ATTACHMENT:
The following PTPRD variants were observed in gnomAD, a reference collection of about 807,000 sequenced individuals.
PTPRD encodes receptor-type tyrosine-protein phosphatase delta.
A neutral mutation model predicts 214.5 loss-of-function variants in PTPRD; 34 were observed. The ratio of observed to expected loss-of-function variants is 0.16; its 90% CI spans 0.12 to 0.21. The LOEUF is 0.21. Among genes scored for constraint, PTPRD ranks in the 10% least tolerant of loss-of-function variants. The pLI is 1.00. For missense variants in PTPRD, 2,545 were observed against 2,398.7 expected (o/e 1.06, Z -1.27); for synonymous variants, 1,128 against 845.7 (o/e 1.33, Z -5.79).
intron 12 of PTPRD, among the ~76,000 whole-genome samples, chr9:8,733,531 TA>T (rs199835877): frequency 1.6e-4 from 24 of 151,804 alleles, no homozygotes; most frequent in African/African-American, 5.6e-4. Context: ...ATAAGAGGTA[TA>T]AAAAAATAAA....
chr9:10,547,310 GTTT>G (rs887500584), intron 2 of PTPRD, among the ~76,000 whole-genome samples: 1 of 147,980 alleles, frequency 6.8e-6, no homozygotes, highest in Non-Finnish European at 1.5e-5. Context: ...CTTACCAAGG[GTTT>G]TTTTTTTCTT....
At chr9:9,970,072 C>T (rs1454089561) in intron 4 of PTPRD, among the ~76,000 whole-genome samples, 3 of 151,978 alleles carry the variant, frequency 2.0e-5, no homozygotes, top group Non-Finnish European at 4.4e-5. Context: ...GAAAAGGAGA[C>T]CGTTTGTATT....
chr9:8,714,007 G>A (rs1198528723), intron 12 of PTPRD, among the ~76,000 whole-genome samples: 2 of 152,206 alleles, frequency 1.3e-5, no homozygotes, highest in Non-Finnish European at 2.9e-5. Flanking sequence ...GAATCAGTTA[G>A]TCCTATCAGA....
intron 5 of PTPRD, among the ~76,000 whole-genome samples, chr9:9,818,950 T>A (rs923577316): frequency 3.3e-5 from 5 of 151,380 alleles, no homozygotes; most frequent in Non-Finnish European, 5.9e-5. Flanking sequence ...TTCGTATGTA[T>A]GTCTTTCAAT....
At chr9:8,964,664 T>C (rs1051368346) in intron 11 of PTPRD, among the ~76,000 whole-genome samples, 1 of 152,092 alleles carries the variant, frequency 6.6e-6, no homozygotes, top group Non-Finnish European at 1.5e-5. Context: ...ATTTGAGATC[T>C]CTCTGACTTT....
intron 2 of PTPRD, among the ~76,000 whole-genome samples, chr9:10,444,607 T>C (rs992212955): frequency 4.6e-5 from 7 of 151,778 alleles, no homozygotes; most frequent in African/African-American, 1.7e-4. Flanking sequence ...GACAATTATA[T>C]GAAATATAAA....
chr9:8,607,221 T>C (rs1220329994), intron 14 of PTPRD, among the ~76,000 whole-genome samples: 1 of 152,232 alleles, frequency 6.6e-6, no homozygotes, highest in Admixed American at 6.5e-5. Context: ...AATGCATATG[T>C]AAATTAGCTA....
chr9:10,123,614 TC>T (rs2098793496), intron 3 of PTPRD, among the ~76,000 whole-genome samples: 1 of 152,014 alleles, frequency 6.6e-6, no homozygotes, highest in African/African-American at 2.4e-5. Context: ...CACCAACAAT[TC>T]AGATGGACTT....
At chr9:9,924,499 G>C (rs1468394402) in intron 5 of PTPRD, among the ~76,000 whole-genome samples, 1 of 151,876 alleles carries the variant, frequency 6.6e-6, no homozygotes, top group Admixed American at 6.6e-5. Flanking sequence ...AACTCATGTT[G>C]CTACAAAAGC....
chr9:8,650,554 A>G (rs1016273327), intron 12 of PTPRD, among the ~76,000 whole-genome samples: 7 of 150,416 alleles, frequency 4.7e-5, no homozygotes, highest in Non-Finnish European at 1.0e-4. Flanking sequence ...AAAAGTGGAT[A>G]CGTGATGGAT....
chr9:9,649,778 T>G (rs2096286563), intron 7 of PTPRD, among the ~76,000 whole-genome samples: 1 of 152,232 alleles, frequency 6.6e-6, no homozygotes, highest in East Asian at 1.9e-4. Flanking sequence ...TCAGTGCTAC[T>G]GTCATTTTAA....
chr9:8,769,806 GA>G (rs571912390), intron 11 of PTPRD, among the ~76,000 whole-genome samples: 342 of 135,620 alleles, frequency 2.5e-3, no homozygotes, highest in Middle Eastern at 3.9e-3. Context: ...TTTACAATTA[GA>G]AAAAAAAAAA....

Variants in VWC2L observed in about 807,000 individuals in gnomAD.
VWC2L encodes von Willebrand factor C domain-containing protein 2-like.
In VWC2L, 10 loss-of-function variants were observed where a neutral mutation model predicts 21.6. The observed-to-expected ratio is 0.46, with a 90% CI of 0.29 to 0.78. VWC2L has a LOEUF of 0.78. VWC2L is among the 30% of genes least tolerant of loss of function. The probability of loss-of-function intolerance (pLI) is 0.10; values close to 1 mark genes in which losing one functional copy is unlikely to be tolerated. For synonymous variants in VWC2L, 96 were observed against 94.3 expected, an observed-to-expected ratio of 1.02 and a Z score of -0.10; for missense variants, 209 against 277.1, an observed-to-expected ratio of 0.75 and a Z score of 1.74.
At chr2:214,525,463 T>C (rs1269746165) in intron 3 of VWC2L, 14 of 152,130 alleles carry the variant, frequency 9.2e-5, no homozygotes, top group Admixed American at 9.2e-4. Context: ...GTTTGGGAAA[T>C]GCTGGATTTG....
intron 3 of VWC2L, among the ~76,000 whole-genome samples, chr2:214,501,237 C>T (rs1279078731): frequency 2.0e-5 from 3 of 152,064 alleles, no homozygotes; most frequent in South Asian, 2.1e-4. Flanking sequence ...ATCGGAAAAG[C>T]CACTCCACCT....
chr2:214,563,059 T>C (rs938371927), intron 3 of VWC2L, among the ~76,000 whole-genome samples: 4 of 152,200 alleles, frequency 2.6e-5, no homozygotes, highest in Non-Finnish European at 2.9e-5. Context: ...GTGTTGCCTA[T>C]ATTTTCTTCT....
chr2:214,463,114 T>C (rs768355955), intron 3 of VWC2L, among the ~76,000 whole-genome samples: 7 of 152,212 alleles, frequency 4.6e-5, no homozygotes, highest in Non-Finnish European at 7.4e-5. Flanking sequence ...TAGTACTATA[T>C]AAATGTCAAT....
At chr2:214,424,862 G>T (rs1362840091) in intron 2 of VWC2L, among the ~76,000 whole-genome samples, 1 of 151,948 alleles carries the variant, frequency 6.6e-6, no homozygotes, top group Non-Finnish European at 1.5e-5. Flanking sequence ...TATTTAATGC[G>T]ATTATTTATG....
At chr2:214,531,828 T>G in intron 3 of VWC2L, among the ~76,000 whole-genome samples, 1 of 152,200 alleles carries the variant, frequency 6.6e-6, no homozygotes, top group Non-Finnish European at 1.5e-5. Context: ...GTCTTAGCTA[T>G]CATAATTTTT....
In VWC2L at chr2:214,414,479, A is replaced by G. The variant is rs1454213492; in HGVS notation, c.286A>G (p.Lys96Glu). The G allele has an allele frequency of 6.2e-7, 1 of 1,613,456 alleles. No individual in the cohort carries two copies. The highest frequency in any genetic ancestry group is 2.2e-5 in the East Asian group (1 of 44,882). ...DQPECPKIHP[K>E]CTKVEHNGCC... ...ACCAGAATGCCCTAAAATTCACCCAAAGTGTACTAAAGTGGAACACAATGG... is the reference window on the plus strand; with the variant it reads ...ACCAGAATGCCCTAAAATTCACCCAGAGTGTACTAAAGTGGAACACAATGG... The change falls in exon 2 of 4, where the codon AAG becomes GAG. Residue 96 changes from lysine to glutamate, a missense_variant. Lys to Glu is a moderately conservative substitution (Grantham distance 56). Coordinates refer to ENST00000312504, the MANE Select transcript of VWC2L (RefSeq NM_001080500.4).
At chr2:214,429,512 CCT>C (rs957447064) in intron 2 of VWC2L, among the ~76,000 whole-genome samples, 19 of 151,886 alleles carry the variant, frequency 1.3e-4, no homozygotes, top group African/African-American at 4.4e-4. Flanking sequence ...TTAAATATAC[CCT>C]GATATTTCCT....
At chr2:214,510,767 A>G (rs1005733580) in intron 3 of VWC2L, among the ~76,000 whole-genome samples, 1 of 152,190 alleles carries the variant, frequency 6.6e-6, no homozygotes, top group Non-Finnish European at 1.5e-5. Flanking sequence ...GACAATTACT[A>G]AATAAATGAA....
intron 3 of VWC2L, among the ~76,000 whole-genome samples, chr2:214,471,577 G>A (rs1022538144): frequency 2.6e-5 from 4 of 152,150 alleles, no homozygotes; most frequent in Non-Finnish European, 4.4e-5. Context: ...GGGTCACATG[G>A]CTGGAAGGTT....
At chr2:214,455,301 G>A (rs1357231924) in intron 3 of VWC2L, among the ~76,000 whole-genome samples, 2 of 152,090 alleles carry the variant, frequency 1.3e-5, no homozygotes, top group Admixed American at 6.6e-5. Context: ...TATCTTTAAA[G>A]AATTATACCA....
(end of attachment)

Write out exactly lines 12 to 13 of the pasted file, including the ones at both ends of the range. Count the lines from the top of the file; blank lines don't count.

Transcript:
chr9:10,123,614 TC>T (rs2098793496), intron 3 of PTPRD, among the ~76,000 whole-genome samples: 1 of 152,014 alleles, frequency 6.6e-6, no homozygotes, highest in African/African-American at 2.4e-5. Context: ...CACCAACAAT[TC>T]AGATGGACTT....
At chr9:9,924,499 G>C (rs1468394402) in intron 5 of PTPRD, among the ~76,000 whole-genome samples, 1 of 151,876 alleles carries the variant, frequency 6.6e-6, no homozygotes, top group Admixed American at 6.6e-5. Flanking sequence ...AACTCATGTT[G>C]CTACAAAAGC....